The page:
Coronavirus has challenged healthcare systems around the world. The unique pressure of a global pandemic has overwhelmed many. The way in which different countries responded to the crisis has been thrown into sharp relief. The American private model, to which the NHS is often compared, has in large measure utterly failed.
It’s true that our national health service has also struggled at times but as I write, the USA has the greatest toll of infections and deaths from COVID-19 and figures are continuing to rise.
Yet, the USA spends more per capita on healthcare than any other nation and according to the 2019 Global Health Security Index, at 83.5 per cent, they were considered to be the best prepared before the pandemic struck, with the UK second on 77.9 per cent. What it reveals is the sheer inability of a fragmented system of private independent healthcare providers to work together as one in a crisis.
An article in The Atlantic by Ed Young on 25 March was already setting out the scale of the problem facing America, and the shattering of the illusion that it was the readiest of nations. As Young explains, “Despite months of advance warning as the virus spread in other countries, when America was finally tested by COVID-19, it failed.
“With little room to surge during a crisis, America’s healthcare system operates on the assumption that unaffected states can help beleaguered ones in an emergency. That ethic works for localized disasters such as hurricanes or wildfires, but not for a pandemic that is now in all 50 states. Cooperation has given way to competition; some worried hospitals have bought out large quantities of supplies, in the way that panicked consumers have bought out toilet paper.”
Pictures of mass graves being dug in New York revealed third-world levels of poverty and inequality with African-Americans disproportionately affected by the pandemic. That this is happening in the richest country in the world is truly shocking.
The lessons learned on both sides of the Atlantic are hard to predict, but there are already questions being asked about the entire American social model.
From The Atlantic article (my emphasis):
“Perhaps the nation will learn that preparedness isn’t just about masks, vaccines, and tests, but also about fair labor policies and a stable and equal healthcare system. Aspects of America’s identity may need rethinking after COVID-19. Many of the country’s values have seemed to work against it during the pandemic”Ed Young, The Atlantic magazine 25 March 2020
Whatever happens with the path of the pandemic, COVID-19 will perhaps shift the argument about healthcare on both sides of the Atlantic away from private provision towards more state-funded systems where common data, shared expertise and resources are better utilised to help patients.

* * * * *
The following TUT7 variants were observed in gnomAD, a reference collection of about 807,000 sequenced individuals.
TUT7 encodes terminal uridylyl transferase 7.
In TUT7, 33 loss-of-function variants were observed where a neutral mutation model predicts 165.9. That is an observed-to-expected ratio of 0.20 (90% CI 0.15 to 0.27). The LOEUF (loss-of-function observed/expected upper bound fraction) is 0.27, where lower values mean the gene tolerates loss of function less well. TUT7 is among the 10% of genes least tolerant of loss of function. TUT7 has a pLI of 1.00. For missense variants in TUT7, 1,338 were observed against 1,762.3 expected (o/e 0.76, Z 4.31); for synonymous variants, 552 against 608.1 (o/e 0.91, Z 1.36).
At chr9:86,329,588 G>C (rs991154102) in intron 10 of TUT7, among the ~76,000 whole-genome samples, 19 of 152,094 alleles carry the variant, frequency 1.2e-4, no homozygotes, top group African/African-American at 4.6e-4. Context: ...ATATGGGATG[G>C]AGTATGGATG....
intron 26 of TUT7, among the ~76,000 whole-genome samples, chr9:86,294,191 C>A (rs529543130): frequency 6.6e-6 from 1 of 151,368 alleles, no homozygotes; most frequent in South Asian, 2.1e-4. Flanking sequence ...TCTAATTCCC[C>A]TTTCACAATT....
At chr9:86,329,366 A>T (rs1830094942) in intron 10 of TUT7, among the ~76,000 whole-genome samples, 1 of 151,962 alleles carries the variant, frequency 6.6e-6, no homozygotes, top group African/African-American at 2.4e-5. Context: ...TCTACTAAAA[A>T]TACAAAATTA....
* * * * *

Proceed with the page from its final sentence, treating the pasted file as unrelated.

In the race for a vaccine, one of the advantages of a universal service is the ability to carry out large-scale national, randomised trials quickly, which 130 NHS hospitals are currently involved in.
On this side of the pond, the pandemic may change how some Conservative politicians and those on the right are able to portray the NHS.
One of the most influential think tanks in British politics, and a favourite of the Conservative party, is the Institute of Economic Affairs (IEA). The IEA has always regarded the NHS as too publicly owned, too universal, too monolithic and fair game for reform, which in their opinion invariably includes a degree of privatisation.
They have promoted the same agenda consistently over time with articles and papers on Universal healthcare without the NHS, How to structurally reform the NHS and Why no other European country copied the NHS model.
Although not spelled out openly, many (here and here) see these articles as a sort of Trojan horse for American style private healthcare. The IEA’s funding is spectacularly opaque but we know that an organisation called American Friends of the IEA has received money from the U.S.-based Donors Trust and Donors Capital Fund, donor-advised funds (charitable funds where donors retain rights over where there money is invested) which support right-wing libertarian causes.
British American Tobacco also provided funding according to the British Medical Journal as recently as last year. Neil Record the chair of IEA trustees has funded health secretary Matt Hancock to the tune of £32,000, presumably to influence policy towards those favoured by the IEA that have less or even negligible state involvement.
Simon Jenkins wrote in The Guardian a few days ago that the truth of the EU is that it isn’t a real union, because of problems in reaching agreement on a package of regional financial support and assistance. But in healthcare, the USA has shown that it is not a real union either. In contrast, Germany has donated ventilators to the UK and treated French coronavirus victims in German hospitals. Romanian doctors are working in Italy.
NHS shortcomings are openly acknowledged, but the sound of clapping in towns and cities across the UK demonstrates the British admiration and respect for health workers. It is a ringing testament of just how fond we in Britain are of our National Health Service.
Of course this doesn’t apply to everyone.
Note that Andrew Lilico is a fellow of the IEA.
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